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World War II Plant Construction Expanded High-Wage Manufacturing Jobs, Benefiting Residents and Their Children

Findings Can Inform Place-Based Economics Policies

In a new study, researchers examined the long-term effects of government-led construction of manufacturing plants during World War II on the regions where they were built and on residents. The study found that wartime construction had large and persistent effects on local development, expanding relatively high-wage manufacturing employment throughout the postwar era, and that these long-term benefits were shared by prewar residents and their children.

The study, by researchers at Carnegie Mellon University and the U.S. Census Bureau, appears as an NBER Working Paper.

The disappearance of high-wage manufacturing work from regions of the United States over the past four decades has had dire impacts on affected workers and local labor markets. “We turned to an earlier era in U.S. history to test whether the policy-driven expansion of high-wage work opportunities in one location translated to improved outcomes for the individuals in that location,” explains Andrew Garin, assistant professor of economics at Carnegie Mellon’s Heinz College, who led the study. “Our findings from this important historical event can inform place-based policy proposals today.”

Throughout much of the 20th century, blue-collar manufacturing jobs were understood to provide an important opportunity for less educated workers to climb the economic ladder by offering high pay and stable careers. Today, policymakers are considering place-based policy interventions that incentivize firms to locate new manufacturing plants in regions with limited opportunity for economic advancement. But it is unclear how effective such efforts are at improving employment opportunities for local workers, particularly in the longer term.

In this study, researchers analyzed policy-driven manufacturing expansions stemming from one of the largest government economic interventions in U.S. history: the industrial mobilization for World War II. They compared counties where plants were built to other similarly populated counties outside major manufacturing centers. While most war production occurred at existing plants that were converted and expanded, it was often necessary to build new, large-scale plants in locations outside major urban centers because of security to meet production goals for key goods like airplanes, steel, aluminum, synthetic rubber, and ordnance.

The study drew on longitudinal administrative and survey data to identify where children lived prior to the war and charted their earnings and other outcomes as adults, regardless of where they settled. Researchers combined these data with information from the 1940 Census on the prewar socioeconomic status of the children’s parents to study what types of individuals benefited and why.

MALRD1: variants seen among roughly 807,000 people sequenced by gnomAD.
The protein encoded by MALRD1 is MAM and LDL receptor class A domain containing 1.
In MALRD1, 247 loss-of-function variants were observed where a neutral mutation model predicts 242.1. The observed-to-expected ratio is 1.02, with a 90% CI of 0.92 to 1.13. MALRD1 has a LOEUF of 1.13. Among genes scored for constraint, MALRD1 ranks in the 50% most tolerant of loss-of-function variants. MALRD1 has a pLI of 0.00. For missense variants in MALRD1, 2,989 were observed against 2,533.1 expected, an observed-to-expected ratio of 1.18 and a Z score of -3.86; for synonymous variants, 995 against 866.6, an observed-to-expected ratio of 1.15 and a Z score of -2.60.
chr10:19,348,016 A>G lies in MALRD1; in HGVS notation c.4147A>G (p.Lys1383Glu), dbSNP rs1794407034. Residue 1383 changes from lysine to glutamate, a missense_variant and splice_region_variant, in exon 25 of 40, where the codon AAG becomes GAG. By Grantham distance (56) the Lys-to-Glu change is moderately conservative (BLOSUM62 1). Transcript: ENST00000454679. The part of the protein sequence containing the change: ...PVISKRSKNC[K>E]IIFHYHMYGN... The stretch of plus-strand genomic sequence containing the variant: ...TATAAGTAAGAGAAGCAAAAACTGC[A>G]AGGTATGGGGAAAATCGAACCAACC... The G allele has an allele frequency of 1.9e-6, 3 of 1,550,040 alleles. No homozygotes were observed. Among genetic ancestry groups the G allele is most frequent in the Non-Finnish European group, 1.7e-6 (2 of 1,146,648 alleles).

Government-funded construction of manufacturing plants during World War II had large and persistent effects on the development of affected regions, the residents of those regions, and the lifetime earnings of children born in those regions before the war. Men born before WWII in counties where plants were built earned $1,200 (in 2020 dollars), or 2.5% more per year, in adulthood than men born in comparison regions.

Local children in these areas benefited from the persistent expansion of high-wage blue collar jobs to which they had better local access as adults. The impacts were largest for children of parents with the lowest prewar earnings, consistent with views that local manufacturing jobs acted as a ladder to the middle class for economically disadvantaged residents in the mid-20th century.

“Our findings suggest that place-based economics policies that increase residents’ access to local high-wage work opportunities can substantially expand opportunities for economic advancement for local residents,” says Garin. “But the success of any proposed place-based intervention depends on the details.”

In particular, the authors suggest, policymakers aiming to promote upward mobility should carefully consider whether an intervention will generate paths to higher-wage employment for the people already living in the target area. These goals may not always align with current priorities of the firms that policies aim to attract, and may be more difficult to sustain in the 21st century global economy than in the postwar era.

For these and other reasons, the authors suggest that it might be challenging for modern policy to replicate the impacts of plant construction on local upward mobility during World War II.

The study was funded by the Washington Center for Equitable Growth and the W.E. Upjohn Institute.


Summarized froman NBER Working Paper, The Long-Run Impacts of Public Industrial Investment on Local Development and Economic Mobility: Evidence from World War II, by Garin, A (Carnegie Mellon University), and Rothbaum, JL (U.S. Census Bureau). Copyright 2024 The Authors. All rights reserved.

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The Heinz College of Information Systems and Public Policy is home to two internationally recognized graduate-level institutions at Carnegie Mellon University: the School of Information Systems and Management and the School of Public Policy and Management. This unique colocation combined with its expertise in analytics set Heinz College apart in the areas of cybersecurity, health care, the future of work, smart cities, and arts & entertainment. In 2016, INFORMS named Heinz College the #1 academic program for Analytics Education. For more information, please visit